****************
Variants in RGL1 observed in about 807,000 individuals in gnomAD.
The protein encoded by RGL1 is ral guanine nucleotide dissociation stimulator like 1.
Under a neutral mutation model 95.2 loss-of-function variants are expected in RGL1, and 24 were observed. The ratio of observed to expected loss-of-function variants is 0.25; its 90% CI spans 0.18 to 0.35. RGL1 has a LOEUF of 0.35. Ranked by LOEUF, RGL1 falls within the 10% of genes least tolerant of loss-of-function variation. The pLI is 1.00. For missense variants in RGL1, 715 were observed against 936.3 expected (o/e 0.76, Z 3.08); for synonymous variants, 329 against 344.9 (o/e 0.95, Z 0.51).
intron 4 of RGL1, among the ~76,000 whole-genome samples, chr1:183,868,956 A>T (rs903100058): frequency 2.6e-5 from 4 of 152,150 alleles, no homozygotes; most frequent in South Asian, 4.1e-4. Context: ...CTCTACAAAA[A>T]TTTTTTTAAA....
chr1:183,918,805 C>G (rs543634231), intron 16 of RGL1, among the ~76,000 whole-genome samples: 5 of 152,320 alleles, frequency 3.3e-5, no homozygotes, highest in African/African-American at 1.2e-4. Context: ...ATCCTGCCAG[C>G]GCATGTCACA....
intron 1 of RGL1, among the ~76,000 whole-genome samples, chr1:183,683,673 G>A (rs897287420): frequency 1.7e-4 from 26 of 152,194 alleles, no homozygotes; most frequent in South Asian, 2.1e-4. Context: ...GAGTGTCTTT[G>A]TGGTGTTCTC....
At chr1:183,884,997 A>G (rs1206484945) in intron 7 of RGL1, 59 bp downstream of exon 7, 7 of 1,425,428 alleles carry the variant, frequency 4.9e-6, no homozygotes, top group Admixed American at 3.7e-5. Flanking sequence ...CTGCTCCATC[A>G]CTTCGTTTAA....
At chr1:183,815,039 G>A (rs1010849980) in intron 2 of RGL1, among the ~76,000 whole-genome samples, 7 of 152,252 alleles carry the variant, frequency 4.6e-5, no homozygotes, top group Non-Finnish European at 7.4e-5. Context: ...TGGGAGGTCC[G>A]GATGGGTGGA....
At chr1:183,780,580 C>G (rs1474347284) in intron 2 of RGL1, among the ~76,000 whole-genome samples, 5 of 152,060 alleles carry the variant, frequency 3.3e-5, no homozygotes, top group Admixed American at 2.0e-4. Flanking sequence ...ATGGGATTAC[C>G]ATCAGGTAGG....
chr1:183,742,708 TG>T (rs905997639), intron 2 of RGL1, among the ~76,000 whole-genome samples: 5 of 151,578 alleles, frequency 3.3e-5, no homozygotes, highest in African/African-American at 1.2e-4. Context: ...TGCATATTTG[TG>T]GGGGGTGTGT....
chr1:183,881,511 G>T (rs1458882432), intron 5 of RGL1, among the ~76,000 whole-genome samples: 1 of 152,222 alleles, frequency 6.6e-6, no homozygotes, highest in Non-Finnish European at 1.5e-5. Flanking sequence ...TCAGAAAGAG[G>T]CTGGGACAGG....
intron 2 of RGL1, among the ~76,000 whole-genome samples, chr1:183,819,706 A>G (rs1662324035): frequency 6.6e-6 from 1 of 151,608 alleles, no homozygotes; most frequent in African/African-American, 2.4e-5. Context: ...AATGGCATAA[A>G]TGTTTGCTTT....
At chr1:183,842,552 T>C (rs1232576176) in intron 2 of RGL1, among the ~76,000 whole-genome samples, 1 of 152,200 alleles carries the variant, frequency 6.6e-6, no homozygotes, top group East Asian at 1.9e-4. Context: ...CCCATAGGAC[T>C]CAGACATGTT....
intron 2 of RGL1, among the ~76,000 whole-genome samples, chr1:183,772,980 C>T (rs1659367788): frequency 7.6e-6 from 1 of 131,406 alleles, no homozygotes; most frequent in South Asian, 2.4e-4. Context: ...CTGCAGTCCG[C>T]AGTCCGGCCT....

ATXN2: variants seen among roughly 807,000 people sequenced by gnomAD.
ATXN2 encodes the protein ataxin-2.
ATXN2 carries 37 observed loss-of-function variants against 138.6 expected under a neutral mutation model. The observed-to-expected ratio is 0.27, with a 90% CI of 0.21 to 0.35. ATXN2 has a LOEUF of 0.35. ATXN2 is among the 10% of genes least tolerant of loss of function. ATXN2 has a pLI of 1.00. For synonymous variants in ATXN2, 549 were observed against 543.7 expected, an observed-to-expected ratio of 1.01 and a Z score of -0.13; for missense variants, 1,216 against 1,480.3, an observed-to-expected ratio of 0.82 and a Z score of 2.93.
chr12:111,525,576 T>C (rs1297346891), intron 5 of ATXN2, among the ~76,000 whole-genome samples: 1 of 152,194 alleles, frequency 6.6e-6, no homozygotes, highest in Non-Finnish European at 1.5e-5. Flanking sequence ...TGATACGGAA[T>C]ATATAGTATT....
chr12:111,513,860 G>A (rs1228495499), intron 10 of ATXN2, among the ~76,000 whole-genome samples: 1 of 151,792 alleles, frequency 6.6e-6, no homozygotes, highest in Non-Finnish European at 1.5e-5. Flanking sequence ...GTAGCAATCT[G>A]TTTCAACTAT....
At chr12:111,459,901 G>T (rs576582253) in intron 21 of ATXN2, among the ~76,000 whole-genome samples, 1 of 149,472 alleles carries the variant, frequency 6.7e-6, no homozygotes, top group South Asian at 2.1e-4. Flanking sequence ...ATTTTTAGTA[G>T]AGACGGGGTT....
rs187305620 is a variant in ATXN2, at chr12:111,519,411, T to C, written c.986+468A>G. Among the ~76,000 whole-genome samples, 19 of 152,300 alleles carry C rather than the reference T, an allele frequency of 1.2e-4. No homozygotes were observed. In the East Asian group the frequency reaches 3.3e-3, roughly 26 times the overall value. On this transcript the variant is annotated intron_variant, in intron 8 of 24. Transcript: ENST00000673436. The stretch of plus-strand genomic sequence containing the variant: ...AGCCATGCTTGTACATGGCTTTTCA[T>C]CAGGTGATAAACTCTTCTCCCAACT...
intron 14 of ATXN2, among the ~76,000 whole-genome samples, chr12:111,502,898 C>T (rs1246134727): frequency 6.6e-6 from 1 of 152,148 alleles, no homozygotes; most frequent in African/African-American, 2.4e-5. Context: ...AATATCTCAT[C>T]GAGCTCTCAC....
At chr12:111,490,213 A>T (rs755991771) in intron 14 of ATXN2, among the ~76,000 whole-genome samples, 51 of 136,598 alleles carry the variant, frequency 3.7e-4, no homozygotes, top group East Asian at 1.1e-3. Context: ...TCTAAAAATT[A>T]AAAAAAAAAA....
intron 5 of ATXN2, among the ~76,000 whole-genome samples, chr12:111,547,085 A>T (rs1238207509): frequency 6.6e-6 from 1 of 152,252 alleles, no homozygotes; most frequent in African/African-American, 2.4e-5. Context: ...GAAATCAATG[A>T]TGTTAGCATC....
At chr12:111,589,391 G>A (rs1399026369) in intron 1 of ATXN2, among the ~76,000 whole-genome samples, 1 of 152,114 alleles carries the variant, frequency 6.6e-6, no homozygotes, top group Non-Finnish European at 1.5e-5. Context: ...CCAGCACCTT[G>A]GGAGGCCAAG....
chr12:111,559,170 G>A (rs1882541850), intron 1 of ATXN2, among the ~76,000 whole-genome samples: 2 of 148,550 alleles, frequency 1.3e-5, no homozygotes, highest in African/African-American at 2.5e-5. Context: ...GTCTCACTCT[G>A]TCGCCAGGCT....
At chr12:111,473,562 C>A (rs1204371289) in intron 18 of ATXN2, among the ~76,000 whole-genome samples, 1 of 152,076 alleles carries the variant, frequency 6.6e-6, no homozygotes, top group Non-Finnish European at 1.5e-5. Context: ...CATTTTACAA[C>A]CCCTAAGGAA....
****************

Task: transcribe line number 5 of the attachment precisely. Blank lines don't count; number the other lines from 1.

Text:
chr1:183,918,805 C>G (rs543634231), intron 16 of RGL1, among the ~76,000 whole-genome samples: 5 of 152,320 alleles, frequency 3.3e-5, no homozygotes, highest in African/African-American at 1.2e-4. Context: ...ATCCTGCCAG[C>G]GCATGTCACA....